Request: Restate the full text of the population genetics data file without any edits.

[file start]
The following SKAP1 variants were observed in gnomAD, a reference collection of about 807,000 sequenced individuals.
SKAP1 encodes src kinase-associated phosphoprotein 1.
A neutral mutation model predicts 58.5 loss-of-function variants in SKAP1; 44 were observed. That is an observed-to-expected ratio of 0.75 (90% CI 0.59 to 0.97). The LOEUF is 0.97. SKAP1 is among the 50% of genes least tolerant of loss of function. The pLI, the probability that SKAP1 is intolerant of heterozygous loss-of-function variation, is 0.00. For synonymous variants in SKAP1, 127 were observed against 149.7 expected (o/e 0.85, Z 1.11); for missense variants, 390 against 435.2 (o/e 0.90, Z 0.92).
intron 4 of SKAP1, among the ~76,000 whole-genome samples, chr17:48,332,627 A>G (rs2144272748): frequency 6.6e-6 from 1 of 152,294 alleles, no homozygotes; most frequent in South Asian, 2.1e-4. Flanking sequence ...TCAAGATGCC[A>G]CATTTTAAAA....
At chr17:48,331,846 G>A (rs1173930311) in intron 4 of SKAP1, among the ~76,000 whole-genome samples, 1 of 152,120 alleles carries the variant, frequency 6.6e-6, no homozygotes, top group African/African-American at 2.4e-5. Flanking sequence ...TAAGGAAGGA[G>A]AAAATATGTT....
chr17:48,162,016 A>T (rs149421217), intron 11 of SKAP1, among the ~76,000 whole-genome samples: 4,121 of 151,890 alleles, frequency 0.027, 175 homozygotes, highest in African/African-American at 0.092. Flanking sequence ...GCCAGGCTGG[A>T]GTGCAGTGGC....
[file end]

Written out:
The following SKAP1 variants were observed in gnomAD, a reference collection of about 807,000 sequenced individuals.
SKAP1 encodes src kinase-associated phosphoprotein 1.
A neutral mutation model predicts 58.5 loss-of-function variants in SKAP1; 44 were observed. That is an observed-to-expected ratio of 0.75 (90% CI 0.59 to 0.97). The LOEUF is 0.97. SKAP1 is among the 50% of genes least tolerant of loss of function. The pLI, the probability that SKAP1 is intolerant of heterozygous loss-of-function variation, is 0.00. For synonymous variants in SKAP1, 127 were observed against 149.7 expected (o/e 0.85, Z 1.11); for missense variants, 390 against 435.2 (o/e 0.90, Z 0.92).
intron 4 of SKAP1, among the ~76,000 whole-genome samples, chr17:48,332,627 A>G (rs2144272748): frequency 6.6e-6 from 1 of 152,294 alleles, no homozygotes; most frequent in South Asian, 2.1e-4. Flanking sequence ...TCAAGATGCC[A>G]CATTTTAAAA....
At chr17:48,331,846 G>A (rs1173930311) in intron 4 of SKAP1, among the ~76,000 whole-genome samples, 1 of 152,120 alleles carries the variant, frequency 6.6e-6, no homozygotes, top group African/African-American at 2.4e-5. Flanking sequence ...TAAGGAAGGA[G>A]AAAATATGTT....
chr17:48,162,016 A>T (rs149421217), intron 11 of SKAP1, among the ~76,000 whole-genome samples: 4,121 of 151,890 alleles, frequency 0.027, 175 homozygotes, highest in African/African-American at 0.092. Flanking sequence ...GCCAGGCTGG[A>T]GTGCAGTGGC....